The Government is finalizing the details of a new income for “families who have serious difficulties in facing their basic expenses.” This is how the Government yesterday defined the group to which the so-called vital minimum income (IMV), a new provision of Social Security, which is the star project of the current Minister of Inclusion, Social Security and Migration, José Luis Escrivá. The Executive has accelerated the design and approval of this new aid at the behest of the Vice President of Social Rights, led by Pablo Iglesias, who in recent days has pushed for this minimum income to go ahead ahead of schedule in the Government program.
However, Iglesias was unable to publicly present this income yesterday, together with Minister Escrivá, as was his intention, since the head of Social Security, argued, in statements to the SER chain, that “we still have to close some fringe”. Although, Moncloa yesterday settled this controversy about who, how and when this measure would be presented, making a statement public, through the Secretary of State for Communication, in which he confirmed that “the Government will launch in May” this new help.
Said official communication from the Executive certified that the Escrivá and Iglesias teams “are working to accelerate the work to launch a minimum vital income, which will be permanent.”
Escrivá reiterated yesterday, as he already did on Wednesday in parliamentary headquarters, that “the design of the rent is very advanced. But to assess the number of households benefited We are crossing data with the Tax Agency, and some debugging still needs to be done, ”he insisted.
In this sense, he also repeated that the aid “will be ready in weeks.” In the minister’s opinion, this time is required for the regulations to be well structured. And he explained that not only must beneficiary households be detected “with precision”, because according to the impact it is aid for families, not for individuals, but also that “procedures must be established to be able to pay for it.”
This definitive design will allow the entrance to be a permanent benefit and definitive and not only to alleviate the situations of need that arose under the sanitary crisis. “The preparatory work we are doing is the same to make it temporary or definitive and it would not be understood that a measure like this was temporary,” Escrivá said. In recent weeks Iglesias had proposed a “bridge aid” until the final one was ready.
At the moment, the details on this minimum income are rather scarce. In terms of numbers, the Government estimates that one million households (made up of three million people) will benefit from this benefit. Half of these families have dependent children and 10% (about 100,000) are single parents.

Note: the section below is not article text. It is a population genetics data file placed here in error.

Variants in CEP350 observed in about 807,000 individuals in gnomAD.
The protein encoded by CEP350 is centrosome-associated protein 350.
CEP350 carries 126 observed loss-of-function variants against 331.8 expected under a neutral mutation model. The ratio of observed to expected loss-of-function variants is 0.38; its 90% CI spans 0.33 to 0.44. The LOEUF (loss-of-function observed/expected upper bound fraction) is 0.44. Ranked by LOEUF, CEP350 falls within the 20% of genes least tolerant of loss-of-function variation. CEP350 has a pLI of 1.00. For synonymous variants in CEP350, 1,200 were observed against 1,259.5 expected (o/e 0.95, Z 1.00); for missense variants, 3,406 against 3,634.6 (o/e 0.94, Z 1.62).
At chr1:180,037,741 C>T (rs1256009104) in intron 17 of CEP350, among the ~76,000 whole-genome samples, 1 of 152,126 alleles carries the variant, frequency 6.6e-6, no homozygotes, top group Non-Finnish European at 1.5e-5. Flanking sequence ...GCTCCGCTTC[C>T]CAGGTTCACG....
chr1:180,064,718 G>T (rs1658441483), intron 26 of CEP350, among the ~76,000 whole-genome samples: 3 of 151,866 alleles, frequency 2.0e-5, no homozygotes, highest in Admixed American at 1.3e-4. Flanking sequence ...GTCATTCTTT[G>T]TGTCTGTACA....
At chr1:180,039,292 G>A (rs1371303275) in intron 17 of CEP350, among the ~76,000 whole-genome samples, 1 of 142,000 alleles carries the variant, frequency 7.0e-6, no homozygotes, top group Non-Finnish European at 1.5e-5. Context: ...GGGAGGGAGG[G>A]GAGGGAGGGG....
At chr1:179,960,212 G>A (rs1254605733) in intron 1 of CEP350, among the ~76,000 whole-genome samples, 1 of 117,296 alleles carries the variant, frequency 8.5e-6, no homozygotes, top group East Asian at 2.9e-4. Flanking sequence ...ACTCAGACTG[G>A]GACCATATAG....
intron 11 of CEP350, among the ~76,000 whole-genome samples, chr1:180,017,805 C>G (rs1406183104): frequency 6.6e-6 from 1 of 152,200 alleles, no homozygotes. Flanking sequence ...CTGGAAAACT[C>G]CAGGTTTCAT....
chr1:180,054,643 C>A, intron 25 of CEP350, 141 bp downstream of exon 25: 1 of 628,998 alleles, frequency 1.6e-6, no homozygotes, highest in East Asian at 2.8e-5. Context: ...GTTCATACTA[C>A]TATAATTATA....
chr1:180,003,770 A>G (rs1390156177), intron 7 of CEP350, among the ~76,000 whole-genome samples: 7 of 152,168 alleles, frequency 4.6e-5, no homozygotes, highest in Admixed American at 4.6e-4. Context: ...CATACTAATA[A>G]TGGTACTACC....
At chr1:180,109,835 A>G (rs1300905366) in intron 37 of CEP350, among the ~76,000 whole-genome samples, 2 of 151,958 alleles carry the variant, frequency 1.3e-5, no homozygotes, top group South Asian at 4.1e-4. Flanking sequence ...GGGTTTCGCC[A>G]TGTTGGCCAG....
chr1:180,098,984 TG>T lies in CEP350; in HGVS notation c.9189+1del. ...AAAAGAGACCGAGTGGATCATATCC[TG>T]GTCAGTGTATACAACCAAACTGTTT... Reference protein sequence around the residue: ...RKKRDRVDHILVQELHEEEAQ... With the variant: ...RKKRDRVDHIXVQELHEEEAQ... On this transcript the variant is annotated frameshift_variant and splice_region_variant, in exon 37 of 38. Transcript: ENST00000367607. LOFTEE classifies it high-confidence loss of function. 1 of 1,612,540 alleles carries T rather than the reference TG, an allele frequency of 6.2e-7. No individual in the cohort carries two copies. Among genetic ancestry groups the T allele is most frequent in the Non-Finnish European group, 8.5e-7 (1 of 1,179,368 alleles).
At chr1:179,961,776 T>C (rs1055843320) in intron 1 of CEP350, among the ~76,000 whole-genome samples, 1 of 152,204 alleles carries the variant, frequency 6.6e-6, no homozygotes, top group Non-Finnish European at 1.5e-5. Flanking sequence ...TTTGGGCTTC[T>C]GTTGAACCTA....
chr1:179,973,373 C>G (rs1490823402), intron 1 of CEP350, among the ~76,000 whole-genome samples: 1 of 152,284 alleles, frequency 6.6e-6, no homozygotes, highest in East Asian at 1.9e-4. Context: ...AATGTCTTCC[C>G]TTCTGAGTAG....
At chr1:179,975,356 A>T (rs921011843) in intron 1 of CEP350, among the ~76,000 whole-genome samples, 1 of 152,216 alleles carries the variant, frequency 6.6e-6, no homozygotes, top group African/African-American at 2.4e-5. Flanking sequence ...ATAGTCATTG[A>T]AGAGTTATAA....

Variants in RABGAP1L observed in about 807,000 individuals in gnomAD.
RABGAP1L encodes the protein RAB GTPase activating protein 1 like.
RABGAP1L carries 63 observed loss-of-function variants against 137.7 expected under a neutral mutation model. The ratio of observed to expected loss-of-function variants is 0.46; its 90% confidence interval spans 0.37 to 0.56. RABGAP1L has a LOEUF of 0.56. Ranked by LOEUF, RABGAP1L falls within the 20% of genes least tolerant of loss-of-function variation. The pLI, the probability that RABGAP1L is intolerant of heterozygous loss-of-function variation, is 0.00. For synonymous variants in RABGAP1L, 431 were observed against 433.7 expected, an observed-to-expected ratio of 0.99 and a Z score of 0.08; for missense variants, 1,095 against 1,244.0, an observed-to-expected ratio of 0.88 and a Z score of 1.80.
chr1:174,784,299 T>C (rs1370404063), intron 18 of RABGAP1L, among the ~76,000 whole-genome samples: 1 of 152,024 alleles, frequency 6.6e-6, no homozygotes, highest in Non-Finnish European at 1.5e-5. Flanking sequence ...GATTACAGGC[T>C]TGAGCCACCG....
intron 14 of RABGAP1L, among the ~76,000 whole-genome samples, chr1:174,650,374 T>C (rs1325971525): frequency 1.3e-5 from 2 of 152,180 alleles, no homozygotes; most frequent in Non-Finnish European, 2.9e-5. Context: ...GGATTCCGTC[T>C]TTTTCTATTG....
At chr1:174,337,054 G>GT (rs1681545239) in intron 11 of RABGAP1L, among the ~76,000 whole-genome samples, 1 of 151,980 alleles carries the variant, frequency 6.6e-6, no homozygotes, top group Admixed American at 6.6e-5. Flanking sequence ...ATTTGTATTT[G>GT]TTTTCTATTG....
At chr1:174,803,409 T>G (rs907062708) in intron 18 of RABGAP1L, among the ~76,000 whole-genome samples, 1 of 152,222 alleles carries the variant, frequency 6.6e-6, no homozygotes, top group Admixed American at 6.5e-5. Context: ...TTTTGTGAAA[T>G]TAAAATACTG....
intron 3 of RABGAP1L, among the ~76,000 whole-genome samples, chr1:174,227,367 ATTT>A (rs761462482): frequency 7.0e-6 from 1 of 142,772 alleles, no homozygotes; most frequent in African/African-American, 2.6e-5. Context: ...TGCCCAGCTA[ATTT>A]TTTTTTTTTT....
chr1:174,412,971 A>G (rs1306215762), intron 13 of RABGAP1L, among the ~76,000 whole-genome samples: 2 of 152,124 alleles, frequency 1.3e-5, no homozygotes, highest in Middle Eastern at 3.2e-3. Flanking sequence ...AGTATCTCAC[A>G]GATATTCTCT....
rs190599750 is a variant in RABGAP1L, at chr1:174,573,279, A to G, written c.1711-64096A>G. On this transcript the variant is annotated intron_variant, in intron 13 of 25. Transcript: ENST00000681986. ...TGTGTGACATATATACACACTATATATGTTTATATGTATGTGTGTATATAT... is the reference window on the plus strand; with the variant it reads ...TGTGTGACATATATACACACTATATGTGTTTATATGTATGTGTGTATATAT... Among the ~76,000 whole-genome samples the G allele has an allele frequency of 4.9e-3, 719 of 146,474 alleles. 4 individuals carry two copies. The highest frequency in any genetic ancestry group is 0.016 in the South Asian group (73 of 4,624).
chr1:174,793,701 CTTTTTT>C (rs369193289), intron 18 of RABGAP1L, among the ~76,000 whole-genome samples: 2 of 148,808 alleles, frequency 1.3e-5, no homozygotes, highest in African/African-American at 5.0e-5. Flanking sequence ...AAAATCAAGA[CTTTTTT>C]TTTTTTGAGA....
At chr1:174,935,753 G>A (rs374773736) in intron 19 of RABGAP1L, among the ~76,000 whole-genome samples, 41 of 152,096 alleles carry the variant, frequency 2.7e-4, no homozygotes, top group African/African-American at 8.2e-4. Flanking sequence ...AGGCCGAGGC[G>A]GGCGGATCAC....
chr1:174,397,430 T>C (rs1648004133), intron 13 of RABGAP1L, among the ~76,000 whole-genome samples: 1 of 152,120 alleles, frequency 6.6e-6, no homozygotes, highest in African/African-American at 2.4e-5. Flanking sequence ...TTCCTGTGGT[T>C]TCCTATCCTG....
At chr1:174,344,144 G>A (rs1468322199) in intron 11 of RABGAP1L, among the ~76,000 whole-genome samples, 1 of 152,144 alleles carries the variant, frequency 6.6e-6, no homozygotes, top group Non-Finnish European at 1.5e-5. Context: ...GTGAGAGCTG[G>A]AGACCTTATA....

Escrivá has also explained on several occasions that it will be a homogeneous income for the entire national territory and that it will be “compatible and complete” other minimum incomes existing in the autonomous communities. At this point, the minister, on Wednesday, praised, for example, aid of this type managed by the Basque Country, Navarra or Asturias. But this help will also serve to complete other very low incomes that some households receive, for example, from “underemployment,” Escrivá said.
In addition to the requirement of lack of sufficient income (the threshold of which is still unknown), the collection of this aid will have other “conditions” such as complying with the itinerary that the Administration designs for its beneficiaries. Specifically, the aim would be to link the minimum vital income to “inclusion itineraries” that may be in the workplace, guiding beneficiaries to find a job, “but there may be other types of itineraries,” Escrivá said. These other routes could include, for example, assistance to care centers by the mentally ill, or detoxification in the case of drug addicts; or attendance at basic training courses for illiterate or unqualified people.
The amount of this aid is the greatest unknown. At the moment only the proposal of the Iglesias team is known: a minimum aid of 500 euros per month that would raise up to 950 euros in case of having two or more children. According to this, the minimum cost would be 6,000 million euros per year. But it could rise to more than 8,000 million annually.
In any case, Escrivá said that its cost “will be a significant amount.” And to finance it, the government “will go to the debt markets.” This, he explained, will mean “an extraordinary jump in public debt” but added that “when normality recovers, it will also return to levels of debt and public deficit predicted before the crisis.” And he insisted that its cost is “within the fiscal programming” that the government had for the legislature, compatible with a reduction in the public deficit demanded by Brussels.
- Ministerial meeting for social dialogue. The seven economic ministers held their weekly crisis monitoring meeting yesterday together with union and employer leaders. The unions defended the rapid implementation of the minimum vital income. While the employers’ leaders, who did not attend this meeting last week precisely because they questioned parts of the minimum income, defend that before applying the new benefit, all aid is recognized and paid to workers affected by ERTE and the self-employed. Likewise, employers ask that those who really need this income be well identified and that it be linked to the fulfillment of job placement plans.
- Other issues. They also addressed the conditions of the return to activity by sector; the acceleration of the payment of benefits to those affected by ERTE and the design of an extension of these employment adjustments beyond the state of alarm.
- Self-employed. Some 850,000 freelancers will receive today the extraordinary benefit of cessation of activity. According to an ATA survey, 32% of self-employed people are considering closing the business, although only 4% have withdrawn from Social Security.